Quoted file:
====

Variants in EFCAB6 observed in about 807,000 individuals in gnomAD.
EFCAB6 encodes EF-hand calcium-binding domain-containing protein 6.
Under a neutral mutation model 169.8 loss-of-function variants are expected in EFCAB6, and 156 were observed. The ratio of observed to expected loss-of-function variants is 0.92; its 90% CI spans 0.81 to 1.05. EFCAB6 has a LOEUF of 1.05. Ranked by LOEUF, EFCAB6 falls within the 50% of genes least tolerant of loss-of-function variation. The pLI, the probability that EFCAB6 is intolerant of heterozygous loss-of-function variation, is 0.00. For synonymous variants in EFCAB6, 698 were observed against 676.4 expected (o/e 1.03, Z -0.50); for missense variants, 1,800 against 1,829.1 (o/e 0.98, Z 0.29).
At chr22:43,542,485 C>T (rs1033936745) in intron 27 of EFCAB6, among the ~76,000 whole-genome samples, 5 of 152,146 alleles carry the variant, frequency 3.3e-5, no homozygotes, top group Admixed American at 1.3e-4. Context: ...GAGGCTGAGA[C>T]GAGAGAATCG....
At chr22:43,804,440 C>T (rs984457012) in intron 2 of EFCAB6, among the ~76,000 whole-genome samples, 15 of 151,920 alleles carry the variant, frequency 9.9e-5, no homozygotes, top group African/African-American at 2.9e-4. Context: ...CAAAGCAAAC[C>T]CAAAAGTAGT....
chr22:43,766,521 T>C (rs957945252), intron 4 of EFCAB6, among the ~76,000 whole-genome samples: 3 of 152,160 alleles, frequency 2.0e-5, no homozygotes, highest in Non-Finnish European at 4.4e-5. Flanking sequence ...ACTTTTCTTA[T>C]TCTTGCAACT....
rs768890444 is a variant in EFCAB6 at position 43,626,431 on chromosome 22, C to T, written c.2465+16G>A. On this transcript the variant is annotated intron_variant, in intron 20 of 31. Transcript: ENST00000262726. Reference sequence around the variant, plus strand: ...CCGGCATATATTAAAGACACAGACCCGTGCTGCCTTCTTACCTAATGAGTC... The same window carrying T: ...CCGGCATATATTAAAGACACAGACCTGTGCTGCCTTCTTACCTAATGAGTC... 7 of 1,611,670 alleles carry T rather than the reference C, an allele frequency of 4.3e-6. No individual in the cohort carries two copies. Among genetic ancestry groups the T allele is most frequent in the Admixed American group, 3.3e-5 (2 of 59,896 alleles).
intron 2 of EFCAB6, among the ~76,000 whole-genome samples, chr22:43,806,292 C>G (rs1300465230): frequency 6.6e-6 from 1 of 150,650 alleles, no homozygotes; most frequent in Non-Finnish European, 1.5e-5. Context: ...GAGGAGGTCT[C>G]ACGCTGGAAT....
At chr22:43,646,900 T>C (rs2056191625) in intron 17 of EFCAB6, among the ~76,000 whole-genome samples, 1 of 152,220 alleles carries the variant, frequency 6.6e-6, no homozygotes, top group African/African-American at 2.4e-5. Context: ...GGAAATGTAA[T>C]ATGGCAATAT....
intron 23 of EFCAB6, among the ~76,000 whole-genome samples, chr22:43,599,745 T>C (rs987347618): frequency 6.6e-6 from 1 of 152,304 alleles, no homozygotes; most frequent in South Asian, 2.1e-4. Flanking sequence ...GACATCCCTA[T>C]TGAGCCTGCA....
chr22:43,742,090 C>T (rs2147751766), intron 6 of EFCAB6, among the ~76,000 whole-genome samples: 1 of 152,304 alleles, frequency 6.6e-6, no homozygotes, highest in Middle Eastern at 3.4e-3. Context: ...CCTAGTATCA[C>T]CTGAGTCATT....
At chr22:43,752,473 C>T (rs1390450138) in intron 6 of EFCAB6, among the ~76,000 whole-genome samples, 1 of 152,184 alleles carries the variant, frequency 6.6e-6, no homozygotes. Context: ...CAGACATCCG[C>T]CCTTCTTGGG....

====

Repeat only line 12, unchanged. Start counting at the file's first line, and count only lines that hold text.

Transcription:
At chr22:43,752,473 C>T (rs1390450138) in intron 6 of EFCAB6, among the ~76,000 whole-genome samples, 1 of 152,184 alleles carries the variant, frequency 6.6e-6, no homozygotes. Context: ...CAGACATCCG[C>T]CCTTCTTGGG....